Humidity

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ehopkins12

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I was wondering if anyone had some good ideas on how to maintain humidity in a tort table? I spray my Russians enclosure a couple times a day pretty thoroughly but I'm not sure if thats enough or what I can do to improve it. I plan on building another table for a Redfoot soon so I would like to know more for that considering they need higher humidity levels.
 

chadk

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Pics help. There is a lot to this question that are hard to answer without knowing more.

What substrate do you use for your russian? For russians, ambient humidity is not a concern really (compared to a redfoot), as long as you have good substrate that is holding moisture.
 

terryo

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How about lots of plants. I put a lot of plants in my Cherry Heads enclosure. I keep them in the little pots they come in and just bury them in the substrate. I only water the plants twice a week, and mist them once a day, the humidity always stays high. I soak the half log in warm water and wet the long fiber moss and squeeze it out and fluff it up in the hide, and the humidity stays high in there too.
 
M

Maggie Cummings

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Pour water over the substrate then mix it all around. The substrate needs to be moistened first then the spraying will help. Russians don't need a lot of humidity just some, but your Redfoot will need a lot and that starts with a decent substrate.
 

Tom

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Its so dry in my area that I have to mostly cover the tops to hold in any humidity at all. Maybe a couple of humid hide boxes would do the trick. One on the cool side and one on the warm side.
 

fifthdawn

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I noticed spraying doesn't help. Like maggie, I also have to poor water all over my enclosure. But thsi depends on your substrate I guess. Cypress mulch holds moisture pretty well, but Sphagnum moss holds it even better. I have both in my enclosure. When I drench it with water, my cypress mulch will stay wet for 2-3 days before I have to resoak. My moss stays wet for almost a week. I usually have mulch all over and moss inside and around the hide area.
 

tortoisenerd

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For a Russian I agree to have regularly moistened substrate (pour water in and mix, not spray), but not misting. You shouldn't really even need to go the step of covering it unless your room is overly dry. Pyramiding in Russians isn't as common and I've noticed it tends to be more caused by the secondary pyramiding causes such as poor diet. Be careful that you keep an eye on temperatures with a moist substrate as it can get cool. Better to add a small amount of water more often then to let it dry and then have to add a lot (warm water helps too).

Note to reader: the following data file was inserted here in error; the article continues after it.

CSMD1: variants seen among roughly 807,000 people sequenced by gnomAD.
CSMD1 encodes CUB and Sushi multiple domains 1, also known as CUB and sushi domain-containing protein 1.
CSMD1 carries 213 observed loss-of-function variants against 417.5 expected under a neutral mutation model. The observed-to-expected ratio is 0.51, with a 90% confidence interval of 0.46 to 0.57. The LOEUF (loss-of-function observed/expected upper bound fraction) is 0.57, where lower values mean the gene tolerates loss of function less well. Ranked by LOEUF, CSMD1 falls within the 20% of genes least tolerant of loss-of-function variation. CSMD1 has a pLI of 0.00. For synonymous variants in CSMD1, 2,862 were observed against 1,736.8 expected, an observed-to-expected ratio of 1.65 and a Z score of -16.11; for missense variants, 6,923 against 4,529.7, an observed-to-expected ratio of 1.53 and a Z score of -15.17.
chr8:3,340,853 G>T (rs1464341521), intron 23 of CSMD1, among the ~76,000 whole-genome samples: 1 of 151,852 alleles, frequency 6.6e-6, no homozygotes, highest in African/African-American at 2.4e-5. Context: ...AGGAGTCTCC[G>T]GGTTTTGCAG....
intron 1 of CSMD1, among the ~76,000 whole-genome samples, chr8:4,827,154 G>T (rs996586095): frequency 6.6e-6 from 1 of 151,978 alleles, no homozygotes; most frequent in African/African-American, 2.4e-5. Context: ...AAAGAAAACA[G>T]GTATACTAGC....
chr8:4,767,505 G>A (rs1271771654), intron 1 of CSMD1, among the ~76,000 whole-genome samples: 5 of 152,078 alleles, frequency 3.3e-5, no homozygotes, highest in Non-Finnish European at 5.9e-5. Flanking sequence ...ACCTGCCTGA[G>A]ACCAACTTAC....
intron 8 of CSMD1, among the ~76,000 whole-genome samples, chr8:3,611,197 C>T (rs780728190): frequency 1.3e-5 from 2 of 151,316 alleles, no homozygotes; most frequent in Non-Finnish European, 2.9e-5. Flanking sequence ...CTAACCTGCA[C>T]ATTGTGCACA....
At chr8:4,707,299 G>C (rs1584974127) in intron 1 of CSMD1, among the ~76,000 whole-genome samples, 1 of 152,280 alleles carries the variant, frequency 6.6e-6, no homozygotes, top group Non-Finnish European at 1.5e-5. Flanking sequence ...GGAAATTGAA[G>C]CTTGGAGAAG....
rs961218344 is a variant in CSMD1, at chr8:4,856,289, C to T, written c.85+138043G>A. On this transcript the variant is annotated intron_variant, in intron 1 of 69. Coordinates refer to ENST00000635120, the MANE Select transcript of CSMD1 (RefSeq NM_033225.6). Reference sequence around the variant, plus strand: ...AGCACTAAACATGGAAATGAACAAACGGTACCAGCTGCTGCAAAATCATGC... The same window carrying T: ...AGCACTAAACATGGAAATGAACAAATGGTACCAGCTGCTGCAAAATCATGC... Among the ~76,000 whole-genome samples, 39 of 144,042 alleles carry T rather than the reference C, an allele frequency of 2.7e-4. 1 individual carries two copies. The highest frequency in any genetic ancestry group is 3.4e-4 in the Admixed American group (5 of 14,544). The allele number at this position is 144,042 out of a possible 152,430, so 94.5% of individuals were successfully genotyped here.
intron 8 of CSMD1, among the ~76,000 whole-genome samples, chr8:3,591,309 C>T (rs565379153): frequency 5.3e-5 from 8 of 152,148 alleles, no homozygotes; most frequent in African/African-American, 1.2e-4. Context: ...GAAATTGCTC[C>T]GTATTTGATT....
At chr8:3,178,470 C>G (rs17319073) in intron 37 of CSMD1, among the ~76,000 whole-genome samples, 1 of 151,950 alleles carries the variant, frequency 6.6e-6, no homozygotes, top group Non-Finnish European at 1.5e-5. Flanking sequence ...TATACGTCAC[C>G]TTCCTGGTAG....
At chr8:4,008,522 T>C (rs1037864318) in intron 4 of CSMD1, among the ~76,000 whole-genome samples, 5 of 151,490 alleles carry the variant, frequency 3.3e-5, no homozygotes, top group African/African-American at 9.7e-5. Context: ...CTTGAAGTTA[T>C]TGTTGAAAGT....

webskipper

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Remember, heat holds moisture.

The higher the temperature the lower your humidity gauge will read. So don't get too OCD about maintaining a rainforest. Because when the temps drop, it will feel cold and damp.

I am using both the coconut husk (Eco Earth) and cypress because well, that's what was recommended to me. Overtime I might change it all together and for right now they are working well for the hatchlings.
 

GBtortoises

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webskipper said:
The higher the temperature the lower your humidity gauge will read.

I think you mean "The higher the temperature the higher your humidity gauge will read".

Assuming that we're still talking about how to raise the humidity, not make the air dryer.

The more moisture you add to heat the more humid the air becomes.
 

webskipper

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Nope. Humidity gauges indicate the percentage of moisture in the air. The more hydrogen hydroxide (H2O) per cubic area the higher the percentage of humidity.

Humidity- a quantity representing the amount of water vapor in the atmosphere or a gas.

Were are talking about an open container here. Wet down the substrate and place a thermometer/humidity gage nearby. Observe the gauge first thing in the morning and then at peak warmth. Then report your findings.

Now, in a closed container do the same thing. As the jar cools, the moisture in the air will condensate on the inner walls of the jar and may form large droplets or just fog up the glass. Heat up the jar and the glass will clear. The warmer air will hold the moisture.

Or try this with a beer, under adult supervision of course. The condensation will occur on the outside of the container. At the point where it starts condensing is like the dew point.

Watch the dew points change on the weather reports.
 

GBtortoises

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webskipper said:
Nope. Humidity gauges indicate the percentage of moisture in the air. The more hydrogen hydroxide (H2O) per cubic area the higher the percentage of humidity.